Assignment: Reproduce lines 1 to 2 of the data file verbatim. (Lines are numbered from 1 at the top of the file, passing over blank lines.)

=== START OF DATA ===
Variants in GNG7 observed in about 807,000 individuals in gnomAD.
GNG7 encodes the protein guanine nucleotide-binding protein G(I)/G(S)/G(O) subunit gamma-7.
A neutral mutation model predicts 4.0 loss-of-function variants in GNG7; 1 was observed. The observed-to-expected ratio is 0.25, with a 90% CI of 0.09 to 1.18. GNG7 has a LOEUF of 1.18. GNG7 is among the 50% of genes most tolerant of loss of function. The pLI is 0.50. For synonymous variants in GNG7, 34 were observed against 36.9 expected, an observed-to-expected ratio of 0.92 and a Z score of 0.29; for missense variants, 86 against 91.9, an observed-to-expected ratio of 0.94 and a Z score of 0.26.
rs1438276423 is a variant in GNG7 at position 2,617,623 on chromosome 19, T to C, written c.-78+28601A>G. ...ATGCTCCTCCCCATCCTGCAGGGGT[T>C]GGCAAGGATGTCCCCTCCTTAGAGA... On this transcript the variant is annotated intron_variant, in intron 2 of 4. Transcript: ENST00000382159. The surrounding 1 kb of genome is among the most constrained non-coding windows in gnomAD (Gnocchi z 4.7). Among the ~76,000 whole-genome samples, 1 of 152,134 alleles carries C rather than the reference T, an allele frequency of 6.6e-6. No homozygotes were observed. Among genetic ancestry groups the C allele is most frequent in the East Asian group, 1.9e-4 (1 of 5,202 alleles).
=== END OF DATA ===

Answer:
Variants in GNG7 observed in about 807,000 individuals in gnomAD.
GNG7 encodes the protein guanine nucleotide-binding protein G(I)/G(S)/G(O) subunit gamma-7.